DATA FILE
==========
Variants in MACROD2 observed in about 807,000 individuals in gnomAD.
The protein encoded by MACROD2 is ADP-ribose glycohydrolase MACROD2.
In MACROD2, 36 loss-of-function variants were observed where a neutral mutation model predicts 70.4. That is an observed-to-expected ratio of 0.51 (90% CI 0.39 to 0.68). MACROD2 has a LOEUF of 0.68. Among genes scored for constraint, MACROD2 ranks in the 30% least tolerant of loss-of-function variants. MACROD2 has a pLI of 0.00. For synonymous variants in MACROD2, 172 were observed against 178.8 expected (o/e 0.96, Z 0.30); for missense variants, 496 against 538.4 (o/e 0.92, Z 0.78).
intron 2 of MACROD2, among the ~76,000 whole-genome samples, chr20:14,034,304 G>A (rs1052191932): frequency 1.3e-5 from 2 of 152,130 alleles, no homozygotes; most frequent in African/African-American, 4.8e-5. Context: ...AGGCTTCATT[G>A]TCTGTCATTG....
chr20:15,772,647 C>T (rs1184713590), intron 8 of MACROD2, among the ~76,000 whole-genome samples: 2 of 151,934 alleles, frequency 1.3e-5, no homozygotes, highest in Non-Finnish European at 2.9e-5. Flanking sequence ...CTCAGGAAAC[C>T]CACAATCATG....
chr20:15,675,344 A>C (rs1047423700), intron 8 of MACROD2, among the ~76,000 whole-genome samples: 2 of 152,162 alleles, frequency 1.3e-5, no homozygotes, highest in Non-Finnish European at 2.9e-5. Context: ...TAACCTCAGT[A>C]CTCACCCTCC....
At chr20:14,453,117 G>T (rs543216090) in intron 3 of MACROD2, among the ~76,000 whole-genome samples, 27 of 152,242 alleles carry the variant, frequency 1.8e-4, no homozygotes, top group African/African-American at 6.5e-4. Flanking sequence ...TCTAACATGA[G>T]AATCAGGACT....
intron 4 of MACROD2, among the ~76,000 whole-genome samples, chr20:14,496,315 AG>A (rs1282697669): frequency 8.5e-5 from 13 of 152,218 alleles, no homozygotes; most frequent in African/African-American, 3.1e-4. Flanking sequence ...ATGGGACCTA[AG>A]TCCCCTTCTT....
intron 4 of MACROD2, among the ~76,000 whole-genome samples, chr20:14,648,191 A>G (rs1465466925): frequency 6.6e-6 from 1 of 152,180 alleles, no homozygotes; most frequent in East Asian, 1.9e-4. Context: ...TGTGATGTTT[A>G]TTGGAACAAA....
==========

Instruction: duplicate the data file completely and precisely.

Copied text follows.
Variants in MACROD2 observed in about 807,000 individuals in gnomAD.
The protein encoded by MACROD2 is ADP-ribose glycohydrolase MACROD2.
In MACROD2, 36 loss-of-function variants were observed where a neutral mutation model predicts 70.4. That is an observed-to-expected ratio of 0.51 (90% CI 0.39 to 0.68). MACROD2 has a LOEUF of 0.68. Among genes scored for constraint, MACROD2 ranks in the 30% least tolerant of loss-of-function variants. MACROD2 has a pLI of 0.00. For synonymous variants in MACROD2, 172 were observed against 178.8 expected (o/e 0.96, Z 0.30); for missense variants, 496 against 538.4 (o/e 0.92, Z 0.78).
intron 2 of MACROD2, among the ~76,000 whole-genome samples, chr20:14,034,304 G>A (rs1052191932): frequency 1.3e-5 from 2 of 152,130 alleles, no homozygotes; most frequent in African/African-American, 4.8e-5. Context: ...AGGCTTCATT[G>A]TCTGTCATTG....
chr20:15,772,647 C>T (rs1184713590), intron 8 of MACROD2, among the ~76,000 whole-genome samples: 2 of 151,934 alleles, frequency 1.3e-5, no homozygotes, highest in Non-Finnish European at 2.9e-5. Flanking sequence ...CTCAGGAAAC[C>T]CACAATCATG....
chr20:15,675,344 A>C (rs1047423700), intron 8 of MACROD2, among the ~76,000 whole-genome samples: 2 of 152,162 alleles, frequency 1.3e-5, no homozygotes, highest in Non-Finnish European at 2.9e-5. Context: ...TAACCTCAGT[A>C]CTCACCCTCC....
At chr20:14,453,117 G>T (rs543216090) in intron 3 of MACROD2, among the ~76,000 whole-genome samples, 27 of 152,242 alleles carry the variant, frequency 1.8e-4, no homozygotes, top group African/African-American at 6.5e-4. Flanking sequence ...TCTAACATGA[G>T]AATCAGGACT....
intron 4 of MACROD2, among the ~76,000 whole-genome samples, chr20:14,496,315 AG>A (rs1282697669): frequency 8.5e-5 from 13 of 152,218 alleles, no homozygotes; most frequent in African/African-American, 3.1e-4. Flanking sequence ...ATGGGACCTA[AG>A]TCCCCTTCTT....
intron 4 of MACROD2, among the ~76,000 whole-genome samples, chr20:14,648,191 A>G (rs1465466925): frequency 6.6e-6 from 1 of 152,180 alleles, no homozygotes; most frequent in East Asian, 1.9e-4. Context: ...TGTGATGTTT[A>G]TTGGAACAAA....